Pat Barber Interview
“No children were really served in a community setting, in a public school especially children with moderate to severe disabilities,” explains Pat Barber. Pat received her special education degree in the early ‘70s from Indiana University. She started her teaching career at Stone Belt Center in Bloomington, Indiana. There were eight to nine classrooms from infants to school age. Teachers were contracted by the public schools. The program ran year-round.
Somewhere in the late ‘70s to mid ‘80s, children started moving into public schools. Pat gives credit to families for pushing to have their children included in regular public schools. There were families and many teachers concerned if public schools were ready to provide the needed supports. Pat says, “I definitely feel that kids flourished. And one of the fears or worries that a lot of us had is that, can anybody do it as well as we can? They-- you know, people out there, they don't know kids with disabilities…I have to say in all my years of experience that they are. I mean, good teachers, good principals, good administrators are good for all kids. “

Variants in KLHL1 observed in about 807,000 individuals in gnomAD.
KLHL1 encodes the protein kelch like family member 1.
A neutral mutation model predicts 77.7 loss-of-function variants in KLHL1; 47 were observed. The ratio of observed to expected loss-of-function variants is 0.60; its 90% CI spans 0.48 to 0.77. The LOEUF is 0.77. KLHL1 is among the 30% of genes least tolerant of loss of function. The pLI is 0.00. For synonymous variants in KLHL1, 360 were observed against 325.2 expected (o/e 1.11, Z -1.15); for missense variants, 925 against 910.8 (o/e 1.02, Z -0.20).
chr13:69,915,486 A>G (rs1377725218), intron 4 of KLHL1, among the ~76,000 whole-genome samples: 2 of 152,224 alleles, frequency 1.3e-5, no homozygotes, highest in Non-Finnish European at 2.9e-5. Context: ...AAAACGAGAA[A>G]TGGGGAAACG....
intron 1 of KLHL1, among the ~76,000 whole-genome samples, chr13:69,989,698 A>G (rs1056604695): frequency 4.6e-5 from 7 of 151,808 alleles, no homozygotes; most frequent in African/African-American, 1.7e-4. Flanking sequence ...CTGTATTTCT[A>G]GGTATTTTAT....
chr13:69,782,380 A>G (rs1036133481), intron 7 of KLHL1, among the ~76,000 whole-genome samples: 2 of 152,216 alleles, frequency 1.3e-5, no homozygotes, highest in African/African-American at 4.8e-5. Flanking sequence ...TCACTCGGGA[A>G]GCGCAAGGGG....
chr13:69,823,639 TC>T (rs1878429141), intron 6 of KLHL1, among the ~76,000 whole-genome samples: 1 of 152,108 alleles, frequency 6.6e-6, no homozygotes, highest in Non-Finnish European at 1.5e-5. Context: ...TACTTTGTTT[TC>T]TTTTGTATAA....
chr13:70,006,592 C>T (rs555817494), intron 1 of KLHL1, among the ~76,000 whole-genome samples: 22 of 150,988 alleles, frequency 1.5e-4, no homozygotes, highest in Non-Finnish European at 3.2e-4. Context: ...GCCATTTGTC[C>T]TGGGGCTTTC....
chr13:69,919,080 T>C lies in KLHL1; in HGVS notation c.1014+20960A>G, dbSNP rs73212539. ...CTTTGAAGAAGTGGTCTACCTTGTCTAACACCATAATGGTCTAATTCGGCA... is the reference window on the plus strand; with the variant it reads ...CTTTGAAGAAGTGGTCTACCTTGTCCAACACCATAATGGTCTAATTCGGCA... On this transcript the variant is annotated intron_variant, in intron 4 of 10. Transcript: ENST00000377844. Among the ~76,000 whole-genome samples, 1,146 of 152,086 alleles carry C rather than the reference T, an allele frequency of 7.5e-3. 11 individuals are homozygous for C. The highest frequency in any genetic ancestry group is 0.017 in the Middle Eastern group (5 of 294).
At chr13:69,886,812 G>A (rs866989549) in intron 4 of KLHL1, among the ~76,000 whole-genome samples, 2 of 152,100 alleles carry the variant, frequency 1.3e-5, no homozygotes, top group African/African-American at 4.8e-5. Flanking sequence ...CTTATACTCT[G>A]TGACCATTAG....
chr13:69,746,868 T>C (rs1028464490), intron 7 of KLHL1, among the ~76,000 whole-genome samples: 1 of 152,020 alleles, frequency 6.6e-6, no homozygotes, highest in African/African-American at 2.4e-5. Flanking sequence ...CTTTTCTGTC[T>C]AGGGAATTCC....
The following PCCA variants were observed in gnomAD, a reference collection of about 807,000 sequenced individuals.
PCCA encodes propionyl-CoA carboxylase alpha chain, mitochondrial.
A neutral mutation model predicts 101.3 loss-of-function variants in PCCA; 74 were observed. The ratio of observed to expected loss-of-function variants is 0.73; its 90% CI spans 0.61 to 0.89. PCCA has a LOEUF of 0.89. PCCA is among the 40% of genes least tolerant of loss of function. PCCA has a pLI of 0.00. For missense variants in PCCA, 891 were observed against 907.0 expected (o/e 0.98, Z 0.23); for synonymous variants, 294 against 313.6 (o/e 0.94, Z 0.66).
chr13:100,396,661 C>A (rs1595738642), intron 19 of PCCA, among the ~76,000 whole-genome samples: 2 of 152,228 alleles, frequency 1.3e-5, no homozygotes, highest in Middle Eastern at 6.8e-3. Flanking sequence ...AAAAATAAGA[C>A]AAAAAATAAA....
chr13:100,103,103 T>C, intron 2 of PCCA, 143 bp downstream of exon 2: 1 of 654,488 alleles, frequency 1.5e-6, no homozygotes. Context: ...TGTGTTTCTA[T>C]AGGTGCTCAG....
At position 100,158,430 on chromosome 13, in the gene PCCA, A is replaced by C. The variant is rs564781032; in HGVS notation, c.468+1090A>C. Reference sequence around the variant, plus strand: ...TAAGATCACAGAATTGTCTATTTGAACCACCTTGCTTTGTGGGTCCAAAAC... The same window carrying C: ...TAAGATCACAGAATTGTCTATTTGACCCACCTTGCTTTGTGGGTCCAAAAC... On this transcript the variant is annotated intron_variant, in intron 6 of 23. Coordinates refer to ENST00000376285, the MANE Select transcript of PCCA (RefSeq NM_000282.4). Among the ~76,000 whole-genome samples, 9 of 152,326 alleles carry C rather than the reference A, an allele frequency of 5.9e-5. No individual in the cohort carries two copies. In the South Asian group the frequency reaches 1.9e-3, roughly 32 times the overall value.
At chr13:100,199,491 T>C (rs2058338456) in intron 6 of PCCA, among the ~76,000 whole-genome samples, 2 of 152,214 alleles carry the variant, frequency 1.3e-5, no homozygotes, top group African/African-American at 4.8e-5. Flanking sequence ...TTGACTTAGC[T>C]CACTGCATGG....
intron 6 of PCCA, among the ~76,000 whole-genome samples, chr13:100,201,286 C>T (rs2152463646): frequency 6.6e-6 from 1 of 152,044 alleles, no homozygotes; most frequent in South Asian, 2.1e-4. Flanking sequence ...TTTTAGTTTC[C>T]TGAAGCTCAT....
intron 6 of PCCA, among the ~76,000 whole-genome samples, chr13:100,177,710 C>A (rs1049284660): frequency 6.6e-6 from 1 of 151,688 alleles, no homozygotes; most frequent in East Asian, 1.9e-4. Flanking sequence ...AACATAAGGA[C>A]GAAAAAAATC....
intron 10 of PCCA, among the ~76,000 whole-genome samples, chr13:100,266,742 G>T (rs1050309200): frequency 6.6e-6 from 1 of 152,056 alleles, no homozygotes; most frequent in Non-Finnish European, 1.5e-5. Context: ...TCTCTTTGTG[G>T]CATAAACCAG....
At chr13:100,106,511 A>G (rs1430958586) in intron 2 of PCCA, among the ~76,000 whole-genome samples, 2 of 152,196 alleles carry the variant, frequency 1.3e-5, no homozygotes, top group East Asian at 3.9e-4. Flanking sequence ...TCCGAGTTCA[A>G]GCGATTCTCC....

After teaching preschool for 20 years, Pat became the coordinator of the school corporation’s preschool program. One of her roles was to support five-year-olds entering kindergarten. The transition process would start a year before kindergarten. Pat explains, “We had the most success when we lined out a very specific transition plan at least 12 months before that transition happened. And it included lots of visits. It included parents going to the classroom because they are so critical to help us develop a transition plan.”
Pat also discusses changes to the IEP process, experiences with home visits, assessment tools used in the classroom, and changes in attitudes. She says, “I don't know that I could say that there was one specific event or one specific law that changed. I think attitude started to change with the rules, with parents, and with people showing that kind of respect.” Pat was interviewed in 2017.
Share on Facebook | Share on Twitter